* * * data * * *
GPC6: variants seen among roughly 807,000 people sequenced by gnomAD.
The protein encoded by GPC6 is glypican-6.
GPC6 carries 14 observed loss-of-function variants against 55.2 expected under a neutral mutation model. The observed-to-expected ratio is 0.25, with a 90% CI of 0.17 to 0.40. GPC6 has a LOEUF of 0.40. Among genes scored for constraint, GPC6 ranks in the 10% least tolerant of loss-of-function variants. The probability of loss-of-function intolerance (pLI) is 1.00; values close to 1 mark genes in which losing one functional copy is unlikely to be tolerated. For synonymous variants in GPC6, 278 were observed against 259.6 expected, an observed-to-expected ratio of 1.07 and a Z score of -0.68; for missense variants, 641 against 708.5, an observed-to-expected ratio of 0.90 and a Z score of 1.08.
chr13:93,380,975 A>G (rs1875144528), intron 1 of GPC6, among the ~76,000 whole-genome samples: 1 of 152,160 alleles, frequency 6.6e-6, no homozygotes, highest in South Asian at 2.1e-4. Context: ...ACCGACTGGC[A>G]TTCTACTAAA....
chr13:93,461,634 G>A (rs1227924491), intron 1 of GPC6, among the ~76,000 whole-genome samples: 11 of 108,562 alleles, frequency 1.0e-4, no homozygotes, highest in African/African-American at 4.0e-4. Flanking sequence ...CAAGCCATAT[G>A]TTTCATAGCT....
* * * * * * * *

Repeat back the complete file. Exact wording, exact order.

GPC6: variants seen among roughly 807,000 people sequenced by gnomAD.
The protein encoded by GPC6 is glypican-6.
GPC6 carries 14 observed loss-of-function variants against 55.2 expected under a neutral mutation model. The observed-to-expected ratio is 0.25, with a 90% CI of 0.17 to 0.40. GPC6 has a LOEUF of 0.40. Among genes scored for constraint, GPC6 ranks in the 10% least tolerant of loss-of-function variants. The probability of loss-of-function intolerance (pLI) is 1.00; values close to 1 mark genes in which losing one functional copy is unlikely to be tolerated. For synonymous variants in GPC6, 278 were observed against 259.6 expected, an observed-to-expected ratio of 1.07 and a Z score of -0.68; for missense variants, 641 against 708.5, an observed-to-expected ratio of 0.90 and a Z score of 1.08.
chr13:93,380,975 A>G (rs1875144528), intron 1 of GPC6, among the ~76,000 whole-genome samples: 1 of 152,160 alleles, frequency 6.6e-6, no homozygotes, highest in South Asian at 2.1e-4. Context: ...ACCGACTGGC[A>G]TTCTACTAAA....
chr13:93,461,634 G>A (rs1227924491), intron 1 of GPC6, among the ~76,000 whole-genome samples: 11 of 108,562 alleles, frequency 1.0e-4, no homozygotes, highest in African/African-American at 4.0e-4. Flanking sequence ...CAAGCCATAT[G>A]TTTCATAGCT....